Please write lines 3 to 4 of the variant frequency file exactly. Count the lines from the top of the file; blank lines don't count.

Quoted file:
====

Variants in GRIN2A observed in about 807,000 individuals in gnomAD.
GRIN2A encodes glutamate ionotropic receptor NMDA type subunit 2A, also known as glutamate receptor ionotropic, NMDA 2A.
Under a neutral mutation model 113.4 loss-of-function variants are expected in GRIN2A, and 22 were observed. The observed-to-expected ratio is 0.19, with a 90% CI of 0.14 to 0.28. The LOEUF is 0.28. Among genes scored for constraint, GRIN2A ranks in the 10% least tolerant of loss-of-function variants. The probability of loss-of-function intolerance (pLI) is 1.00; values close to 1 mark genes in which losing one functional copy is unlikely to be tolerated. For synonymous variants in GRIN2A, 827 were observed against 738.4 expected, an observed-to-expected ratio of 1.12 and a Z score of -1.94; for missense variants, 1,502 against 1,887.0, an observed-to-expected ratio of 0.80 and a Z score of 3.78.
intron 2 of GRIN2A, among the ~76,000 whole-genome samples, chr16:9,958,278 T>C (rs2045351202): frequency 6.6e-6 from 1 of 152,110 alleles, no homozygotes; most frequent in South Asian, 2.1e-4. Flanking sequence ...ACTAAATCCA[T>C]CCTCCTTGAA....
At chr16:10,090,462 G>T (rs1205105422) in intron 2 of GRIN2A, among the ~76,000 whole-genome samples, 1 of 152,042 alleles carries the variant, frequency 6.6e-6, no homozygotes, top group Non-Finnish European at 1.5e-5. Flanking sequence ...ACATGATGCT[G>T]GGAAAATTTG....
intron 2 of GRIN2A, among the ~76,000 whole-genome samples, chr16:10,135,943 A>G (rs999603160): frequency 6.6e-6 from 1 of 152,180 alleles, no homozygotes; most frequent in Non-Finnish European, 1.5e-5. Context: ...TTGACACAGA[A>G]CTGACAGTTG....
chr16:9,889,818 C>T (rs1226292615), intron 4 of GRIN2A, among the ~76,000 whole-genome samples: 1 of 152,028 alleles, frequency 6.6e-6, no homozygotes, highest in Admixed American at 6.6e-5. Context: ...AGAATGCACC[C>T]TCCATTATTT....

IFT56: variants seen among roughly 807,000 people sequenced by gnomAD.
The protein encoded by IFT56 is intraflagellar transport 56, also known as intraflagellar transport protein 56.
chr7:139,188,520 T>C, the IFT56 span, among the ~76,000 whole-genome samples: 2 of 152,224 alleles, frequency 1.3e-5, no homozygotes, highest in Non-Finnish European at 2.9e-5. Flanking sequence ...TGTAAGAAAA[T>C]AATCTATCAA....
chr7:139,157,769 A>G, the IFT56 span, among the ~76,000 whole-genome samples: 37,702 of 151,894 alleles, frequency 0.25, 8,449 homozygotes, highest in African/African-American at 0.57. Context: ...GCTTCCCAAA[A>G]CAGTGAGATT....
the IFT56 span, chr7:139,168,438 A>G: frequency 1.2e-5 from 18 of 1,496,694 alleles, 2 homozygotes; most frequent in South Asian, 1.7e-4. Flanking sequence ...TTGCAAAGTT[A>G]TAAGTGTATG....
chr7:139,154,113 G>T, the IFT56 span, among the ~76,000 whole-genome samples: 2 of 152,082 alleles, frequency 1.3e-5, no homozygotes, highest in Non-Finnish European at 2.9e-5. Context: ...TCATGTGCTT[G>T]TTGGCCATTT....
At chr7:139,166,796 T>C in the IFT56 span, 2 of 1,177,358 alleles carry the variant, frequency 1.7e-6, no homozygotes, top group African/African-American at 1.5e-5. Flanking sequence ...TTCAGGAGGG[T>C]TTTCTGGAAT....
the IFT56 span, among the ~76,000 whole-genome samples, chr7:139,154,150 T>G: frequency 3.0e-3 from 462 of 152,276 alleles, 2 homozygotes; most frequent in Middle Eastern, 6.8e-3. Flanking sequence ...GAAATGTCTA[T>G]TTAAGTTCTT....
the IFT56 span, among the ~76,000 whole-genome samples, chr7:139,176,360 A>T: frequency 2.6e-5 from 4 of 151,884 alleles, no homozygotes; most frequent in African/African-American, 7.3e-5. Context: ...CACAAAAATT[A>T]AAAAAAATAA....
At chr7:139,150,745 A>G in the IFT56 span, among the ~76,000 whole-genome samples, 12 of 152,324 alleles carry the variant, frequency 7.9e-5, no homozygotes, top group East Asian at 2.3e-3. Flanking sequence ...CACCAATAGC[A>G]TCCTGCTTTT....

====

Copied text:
Under a neutral mutation model 113.4 loss-of-function variants are expected in GRIN2A, and 22 were observed. The observed-to-expected ratio is 0.19, with a 90% CI of 0.14 to 0.28. The LOEUF is 0.28. Among genes scored for constraint, GRIN2A ranks in the 10% least tolerant of loss-of-function variants. The probability of loss-of-function intolerance (pLI) is 1.00; values close to 1 mark genes in which losing one functional copy is unlikely to be tolerated. For synonymous variants in GRIN2A, 827 were observed against 738.4 expected, an observed-to-expected ratio of 1.12 and a Z score of -1.94; for missense variants, 1,502 against 1,887.0, an observed-to-expected ratio of 0.80 and a Z score of 3.78.
intron 2 of GRIN2A, among the ~76,000 whole-genome samples, chr16:9,958,278 T>C (rs2045351202): frequency 6.6e-6 from 1 of 152,110 alleles, no homozygotes; most frequent in South Asian, 2.1e-4. Flanking sequence ...ACTAAATCCA[T>C]CCTCCTTGAA....